1. pesho May 24, 2017 at 9:31 am

    Hello Norman,

    Could you please tell me your opinion – how it is possible elemental diet to cure sibo when maltodextrin is main source of energy and according to Elaine from maltodextrin is undigestible and more ferment able than lactose?

    • Norm Robillard May 24, 2017 at 12:13 pm

      Hi Pesho, Here is my current understanding: Maltodextrin used in ED is efficiently digested by brush border enzymes giving it a GI of 100, the same as glucose. Some time ago, someone emailed me some information about another form of maltodextrin that is not easily digestible. I don’t have my notes handy on this at the moment, but this could potentially explain the discrepancy.

      • pesho June 5, 2017 at 6:10 pm

        Hi Norman,

        Thank you for your reply!
        I like your theory for jasmine rice but i dont see how it will work for serious cases of sibo – isn’t it true that digesting even amylopectin still needs working pancreas – or lets say that salivary amylase will do its function but then again you still need glucoamylase and alpha-dextrinase – which will probably not work in damaged small intestine and even jasmine rice will remain undigested? If brush border enzymes were working all this sick people should have no problem with sucrose but this does not seems to be the true. So the only safe carb source in the diet remains glucose, dextrose and maybe rice syrup?

        • Norm Robillard June 6, 2017 at 12:54 pm

          Hi Ivan. In every case, lower FP carbs (easier to digest) are better than high FP carbs. But your points are valid and that’s why the trouble-shooting sections indicates that for challenging or persistent symptoms, even the easy-to-digest carbs may need to be restricted for a time. And this also includes glucose. We know that extensive SIBO, potentially reaching the proximal end of the small intestine can even access glucose. That is why glucose can be used to detect SIBO in breath tests.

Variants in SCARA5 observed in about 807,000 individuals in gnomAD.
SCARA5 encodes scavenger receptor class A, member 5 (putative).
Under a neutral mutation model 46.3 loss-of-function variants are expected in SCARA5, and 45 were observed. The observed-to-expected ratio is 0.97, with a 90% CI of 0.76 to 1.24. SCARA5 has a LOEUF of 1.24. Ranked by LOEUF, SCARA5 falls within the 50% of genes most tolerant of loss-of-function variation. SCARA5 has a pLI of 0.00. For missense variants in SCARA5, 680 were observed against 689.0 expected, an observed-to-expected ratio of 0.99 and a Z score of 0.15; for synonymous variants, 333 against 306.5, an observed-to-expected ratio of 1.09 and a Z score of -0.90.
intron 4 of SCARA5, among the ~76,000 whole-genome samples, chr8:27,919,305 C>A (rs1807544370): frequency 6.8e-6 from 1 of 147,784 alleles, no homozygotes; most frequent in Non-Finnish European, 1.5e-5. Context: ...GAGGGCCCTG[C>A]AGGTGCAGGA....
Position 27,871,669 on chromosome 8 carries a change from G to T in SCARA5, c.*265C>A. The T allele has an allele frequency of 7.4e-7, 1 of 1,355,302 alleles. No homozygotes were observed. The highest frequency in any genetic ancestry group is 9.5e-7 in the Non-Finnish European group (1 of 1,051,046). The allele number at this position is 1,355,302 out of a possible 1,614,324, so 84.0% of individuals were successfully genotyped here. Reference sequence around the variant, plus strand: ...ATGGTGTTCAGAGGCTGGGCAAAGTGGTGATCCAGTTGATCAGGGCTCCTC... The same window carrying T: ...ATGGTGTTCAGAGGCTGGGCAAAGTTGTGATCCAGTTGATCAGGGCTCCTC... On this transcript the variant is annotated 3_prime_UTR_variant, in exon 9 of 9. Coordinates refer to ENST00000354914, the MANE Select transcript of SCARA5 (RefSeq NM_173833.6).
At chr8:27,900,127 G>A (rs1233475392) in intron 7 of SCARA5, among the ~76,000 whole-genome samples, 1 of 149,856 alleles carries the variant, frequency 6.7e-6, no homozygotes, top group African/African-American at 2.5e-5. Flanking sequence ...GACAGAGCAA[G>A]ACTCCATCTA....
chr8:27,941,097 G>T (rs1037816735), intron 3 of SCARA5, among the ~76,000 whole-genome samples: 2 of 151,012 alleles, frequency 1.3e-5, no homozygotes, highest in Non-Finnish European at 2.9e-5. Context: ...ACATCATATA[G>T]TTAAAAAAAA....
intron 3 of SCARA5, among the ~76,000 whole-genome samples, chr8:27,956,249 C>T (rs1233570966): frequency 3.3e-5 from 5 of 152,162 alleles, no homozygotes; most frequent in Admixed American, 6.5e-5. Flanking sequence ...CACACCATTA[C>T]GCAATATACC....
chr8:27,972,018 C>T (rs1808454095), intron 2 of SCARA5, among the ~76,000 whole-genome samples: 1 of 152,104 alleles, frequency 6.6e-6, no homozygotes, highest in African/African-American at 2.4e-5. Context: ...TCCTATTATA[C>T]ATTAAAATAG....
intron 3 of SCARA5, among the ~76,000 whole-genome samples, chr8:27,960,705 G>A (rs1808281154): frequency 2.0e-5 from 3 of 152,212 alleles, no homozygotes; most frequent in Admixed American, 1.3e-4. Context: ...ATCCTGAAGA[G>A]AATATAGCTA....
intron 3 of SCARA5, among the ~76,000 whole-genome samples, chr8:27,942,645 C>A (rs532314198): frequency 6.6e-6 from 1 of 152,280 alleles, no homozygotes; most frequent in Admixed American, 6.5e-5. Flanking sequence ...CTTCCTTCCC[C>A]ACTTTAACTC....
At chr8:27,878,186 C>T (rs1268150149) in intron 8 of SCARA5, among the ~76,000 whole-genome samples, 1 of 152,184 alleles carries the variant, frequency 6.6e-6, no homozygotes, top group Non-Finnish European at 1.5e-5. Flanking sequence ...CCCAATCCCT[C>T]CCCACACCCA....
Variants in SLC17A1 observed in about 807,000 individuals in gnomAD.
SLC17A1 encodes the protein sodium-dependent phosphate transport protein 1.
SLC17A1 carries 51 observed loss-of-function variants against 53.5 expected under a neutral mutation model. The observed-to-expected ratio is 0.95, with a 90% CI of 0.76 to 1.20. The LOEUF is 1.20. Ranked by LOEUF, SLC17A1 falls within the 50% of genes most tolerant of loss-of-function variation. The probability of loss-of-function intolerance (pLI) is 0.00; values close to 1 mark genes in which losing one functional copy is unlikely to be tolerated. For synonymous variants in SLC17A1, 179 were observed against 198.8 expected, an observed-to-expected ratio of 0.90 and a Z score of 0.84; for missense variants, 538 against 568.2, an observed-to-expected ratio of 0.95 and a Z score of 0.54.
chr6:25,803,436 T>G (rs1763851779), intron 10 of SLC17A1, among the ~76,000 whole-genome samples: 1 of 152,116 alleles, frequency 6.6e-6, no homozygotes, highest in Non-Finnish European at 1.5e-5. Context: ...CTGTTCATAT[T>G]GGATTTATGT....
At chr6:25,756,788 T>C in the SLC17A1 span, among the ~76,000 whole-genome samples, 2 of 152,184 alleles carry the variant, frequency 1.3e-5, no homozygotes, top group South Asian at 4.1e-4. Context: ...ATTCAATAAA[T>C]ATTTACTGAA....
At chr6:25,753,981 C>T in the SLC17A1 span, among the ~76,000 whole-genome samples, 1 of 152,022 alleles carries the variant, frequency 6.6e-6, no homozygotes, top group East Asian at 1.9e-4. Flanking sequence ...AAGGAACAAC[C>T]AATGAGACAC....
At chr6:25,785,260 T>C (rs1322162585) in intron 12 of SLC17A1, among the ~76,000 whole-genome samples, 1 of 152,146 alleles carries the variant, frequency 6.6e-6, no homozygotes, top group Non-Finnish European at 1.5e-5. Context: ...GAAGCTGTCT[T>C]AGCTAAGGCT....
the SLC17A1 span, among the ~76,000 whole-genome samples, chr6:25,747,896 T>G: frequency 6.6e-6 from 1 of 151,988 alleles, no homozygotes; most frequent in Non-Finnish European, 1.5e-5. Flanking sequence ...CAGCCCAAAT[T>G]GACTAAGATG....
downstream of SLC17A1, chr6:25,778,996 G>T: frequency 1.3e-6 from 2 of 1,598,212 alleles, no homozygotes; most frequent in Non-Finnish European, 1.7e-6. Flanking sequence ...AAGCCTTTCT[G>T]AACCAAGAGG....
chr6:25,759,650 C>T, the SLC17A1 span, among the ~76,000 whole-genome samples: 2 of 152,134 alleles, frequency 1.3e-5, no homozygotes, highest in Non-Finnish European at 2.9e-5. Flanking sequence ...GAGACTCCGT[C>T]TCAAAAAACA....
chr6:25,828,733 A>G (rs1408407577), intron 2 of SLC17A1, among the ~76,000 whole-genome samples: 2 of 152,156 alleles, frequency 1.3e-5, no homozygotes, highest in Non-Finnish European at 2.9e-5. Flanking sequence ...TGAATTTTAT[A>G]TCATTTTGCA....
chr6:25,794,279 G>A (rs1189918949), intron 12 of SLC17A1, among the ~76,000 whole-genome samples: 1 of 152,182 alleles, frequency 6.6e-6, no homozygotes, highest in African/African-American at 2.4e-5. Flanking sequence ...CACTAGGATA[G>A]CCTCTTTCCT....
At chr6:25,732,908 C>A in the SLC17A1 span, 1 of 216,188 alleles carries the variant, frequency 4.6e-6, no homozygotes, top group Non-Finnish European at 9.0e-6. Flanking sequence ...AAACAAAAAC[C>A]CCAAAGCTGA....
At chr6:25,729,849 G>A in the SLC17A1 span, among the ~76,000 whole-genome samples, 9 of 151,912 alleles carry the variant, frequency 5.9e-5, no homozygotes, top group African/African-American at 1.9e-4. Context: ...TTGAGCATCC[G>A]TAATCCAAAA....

Also while you’re correct in that brush border enzymes (sucrase in this case) are needed for the breakdown of sucrose, there is also the issue of free fructose uptake which is hampered by needing to use the glut 5 transport protein via facilitated diffusion as opposed to the transport of glucose using more than one transporter and occurring both by facilitated diffusion and “active transport” utilizing ATP.

  2. Carole Sweasey May 27, 2017 at 9:11 am

    Can the Fast Tract diet be used as a gastroparesis diet ?
    (keeping the fat intake somewhat lower) I eliminated heart burn by tracking
    then instead of heartburn have occasional nausea and very slow motility.
    Each time I had gone slightly over the 45 for the day.

    Now I am wondering if through the years I had a slower motility problem and that was why
    I would have heartburn after a big dish of spaghetti. On fast track my big dish days are over.

    I am only referring to very mild gastroparesis…not some of the horror stories out there.

  3. Lucien Paré June 9, 2017 at 4:38 pm

    Bonjour Dr Robillard,
    J’ai acheté votre livre il y a plusieurs mois et j’ai éliminé les ingrédients qui ont un FP plus haut que 8. Je remarque une certaine amélioration. Mais malheureusement je j’ai perdu ma voix. Est-ce que cela pourrait être causé par le reflux gastrique ou par une autre cause? J’apprécierais que vous me donniez votre idée à ce sujet.